​Sum 41's Deryck Whibley, Treble Charger's Greig Nori and Snow Almost Formed a Band

And according to Sum 41 bassist Cone, their reggae version of "In Too Deep" sounded "cool"

BY Sarah MurphyPublished May 4, 2018

Earlier this year, we learned that Sum 41's hit "In Too Deep" initially began as a reggae tune — and now a band member has confirmed that a demo version of the track totally featured Snow and Treble Charger's Greig Nori.
Corroborating most of Ben Cook's original news-breaking story, Sum 41 bassist Jason "Cone" McCaslin told the dudes at the Blink-155 podcast that the track had, in fact, been written by frontman Deryck Whibley, but that it was originally to be recorded with a different band — one comprising Whibley, Nori and Snow.
McCaslin said that the trio were in the midst of forming a band, and recorded said demo of "In Too Deep." Snow reportedly sang on the verses, while Nori lent his vocals to another part of the song.
"It kind of worked," McCaslin said. "It sounded cool. Snow's got that reggae, cool voice."
Then, according to McCaslin, "The band just didn't do anything."
"I forget actually," he said, when asked if the group came up with a name for themselves. "I don't know if they got that far."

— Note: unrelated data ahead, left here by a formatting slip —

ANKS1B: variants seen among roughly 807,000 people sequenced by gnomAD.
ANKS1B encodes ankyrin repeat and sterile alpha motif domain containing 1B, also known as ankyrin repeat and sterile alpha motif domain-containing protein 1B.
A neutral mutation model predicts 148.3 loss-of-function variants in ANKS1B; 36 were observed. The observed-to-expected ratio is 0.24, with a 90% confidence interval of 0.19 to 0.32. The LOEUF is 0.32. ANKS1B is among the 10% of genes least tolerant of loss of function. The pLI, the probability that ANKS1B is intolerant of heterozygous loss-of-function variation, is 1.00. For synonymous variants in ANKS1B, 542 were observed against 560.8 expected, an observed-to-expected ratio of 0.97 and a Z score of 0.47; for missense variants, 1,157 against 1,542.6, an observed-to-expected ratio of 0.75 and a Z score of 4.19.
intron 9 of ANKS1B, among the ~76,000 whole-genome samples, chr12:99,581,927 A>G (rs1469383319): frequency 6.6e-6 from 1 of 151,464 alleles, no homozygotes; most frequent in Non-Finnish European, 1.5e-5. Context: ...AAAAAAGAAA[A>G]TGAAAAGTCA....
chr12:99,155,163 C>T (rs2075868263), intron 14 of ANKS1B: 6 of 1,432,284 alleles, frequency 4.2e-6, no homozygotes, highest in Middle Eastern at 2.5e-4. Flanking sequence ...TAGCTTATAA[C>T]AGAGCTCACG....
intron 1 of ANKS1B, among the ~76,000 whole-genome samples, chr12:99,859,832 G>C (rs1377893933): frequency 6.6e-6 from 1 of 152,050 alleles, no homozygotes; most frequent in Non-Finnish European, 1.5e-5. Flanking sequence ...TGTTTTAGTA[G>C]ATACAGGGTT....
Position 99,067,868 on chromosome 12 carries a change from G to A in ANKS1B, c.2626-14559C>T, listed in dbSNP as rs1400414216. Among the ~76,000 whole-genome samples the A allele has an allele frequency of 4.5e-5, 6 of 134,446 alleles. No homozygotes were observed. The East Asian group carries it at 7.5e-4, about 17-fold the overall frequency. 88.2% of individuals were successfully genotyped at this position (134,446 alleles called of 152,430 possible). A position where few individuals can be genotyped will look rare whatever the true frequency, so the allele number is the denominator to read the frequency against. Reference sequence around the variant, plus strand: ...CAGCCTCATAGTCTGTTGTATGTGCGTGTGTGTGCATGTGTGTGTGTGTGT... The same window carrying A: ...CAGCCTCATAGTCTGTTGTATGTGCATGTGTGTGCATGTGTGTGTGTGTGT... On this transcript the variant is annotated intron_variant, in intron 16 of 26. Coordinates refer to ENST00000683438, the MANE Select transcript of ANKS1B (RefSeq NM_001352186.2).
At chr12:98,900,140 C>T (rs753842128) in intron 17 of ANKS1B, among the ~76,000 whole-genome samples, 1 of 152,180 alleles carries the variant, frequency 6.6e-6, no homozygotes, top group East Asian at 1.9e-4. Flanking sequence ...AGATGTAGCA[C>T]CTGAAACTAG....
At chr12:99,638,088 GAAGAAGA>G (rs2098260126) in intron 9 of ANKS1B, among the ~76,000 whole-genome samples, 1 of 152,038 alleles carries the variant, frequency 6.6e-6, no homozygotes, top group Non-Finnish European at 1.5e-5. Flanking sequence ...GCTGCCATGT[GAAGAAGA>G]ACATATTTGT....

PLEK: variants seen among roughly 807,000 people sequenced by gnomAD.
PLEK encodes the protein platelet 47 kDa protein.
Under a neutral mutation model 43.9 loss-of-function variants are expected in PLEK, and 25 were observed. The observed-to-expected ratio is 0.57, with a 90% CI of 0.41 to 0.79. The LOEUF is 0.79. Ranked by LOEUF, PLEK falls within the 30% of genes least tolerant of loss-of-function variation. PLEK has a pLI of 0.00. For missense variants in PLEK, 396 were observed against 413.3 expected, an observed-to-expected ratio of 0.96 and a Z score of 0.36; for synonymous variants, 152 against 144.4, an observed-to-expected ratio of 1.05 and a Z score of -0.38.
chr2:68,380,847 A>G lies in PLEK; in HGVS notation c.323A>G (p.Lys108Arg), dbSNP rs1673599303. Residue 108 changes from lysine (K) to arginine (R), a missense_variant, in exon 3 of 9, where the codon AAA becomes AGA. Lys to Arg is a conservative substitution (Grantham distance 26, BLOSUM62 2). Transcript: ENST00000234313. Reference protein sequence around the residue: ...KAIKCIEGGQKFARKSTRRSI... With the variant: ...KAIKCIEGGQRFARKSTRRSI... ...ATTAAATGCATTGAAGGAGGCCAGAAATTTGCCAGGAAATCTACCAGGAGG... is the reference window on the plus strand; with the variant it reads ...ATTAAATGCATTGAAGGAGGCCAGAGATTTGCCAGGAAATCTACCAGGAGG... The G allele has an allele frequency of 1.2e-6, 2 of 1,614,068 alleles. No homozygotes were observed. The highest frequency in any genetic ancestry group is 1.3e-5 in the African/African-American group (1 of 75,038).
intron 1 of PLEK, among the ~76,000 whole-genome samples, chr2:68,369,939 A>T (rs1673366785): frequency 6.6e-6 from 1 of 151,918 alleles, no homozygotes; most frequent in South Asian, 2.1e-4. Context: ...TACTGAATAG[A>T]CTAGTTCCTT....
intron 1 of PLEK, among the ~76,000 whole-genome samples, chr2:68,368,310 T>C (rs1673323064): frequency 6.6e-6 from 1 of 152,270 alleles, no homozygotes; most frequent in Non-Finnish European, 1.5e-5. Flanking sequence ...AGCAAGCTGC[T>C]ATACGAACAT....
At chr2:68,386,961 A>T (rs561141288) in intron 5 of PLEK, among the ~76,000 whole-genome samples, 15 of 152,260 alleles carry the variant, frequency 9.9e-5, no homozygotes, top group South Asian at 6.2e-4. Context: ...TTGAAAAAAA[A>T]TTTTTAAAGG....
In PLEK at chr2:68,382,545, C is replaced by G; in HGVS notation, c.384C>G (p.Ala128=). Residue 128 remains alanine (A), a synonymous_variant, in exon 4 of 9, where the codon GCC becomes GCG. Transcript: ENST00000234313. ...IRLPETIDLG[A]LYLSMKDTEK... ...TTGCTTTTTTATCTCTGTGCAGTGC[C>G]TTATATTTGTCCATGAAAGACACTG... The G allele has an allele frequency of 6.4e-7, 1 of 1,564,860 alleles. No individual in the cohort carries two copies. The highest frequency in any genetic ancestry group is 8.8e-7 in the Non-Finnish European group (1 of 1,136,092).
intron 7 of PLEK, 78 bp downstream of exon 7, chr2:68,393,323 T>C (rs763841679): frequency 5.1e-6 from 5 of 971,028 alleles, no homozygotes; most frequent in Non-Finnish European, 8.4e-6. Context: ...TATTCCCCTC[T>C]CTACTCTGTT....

He's not sure what happened to the reggae demo, but assumes that it's either in the possession of Whibley or Snow. McCaslin even agreed with the suggestion to release the track as a Record Store Day 7-inch, but maintained that "we'd have to convince them."
While that supergroup may not have got off the ground, Nori went on to manage Whibley, McCaslin and the rest of Sum 41 — and Snow was "just around."
Given that Whibley had written the song, when his band with Nori and Snow fell through, he brought "In Too Deep" to Sum 41 and said, "Well, I'm just going to take it for us."
It became a hit for Sum 41, though reflecting on the song now, McCaslin admitted that the band preferred their own earlier version of the song to the one that appeared on All Killer No Filler. He explained that they had recorded a version with a heavier intro, which they continue to perform live to this day.
"The record company preferred how it ended up on the record, how it starts kind of soft like that," McCaslin explained. "We all regret that now, in hindsight. We should've stuck to our guns."

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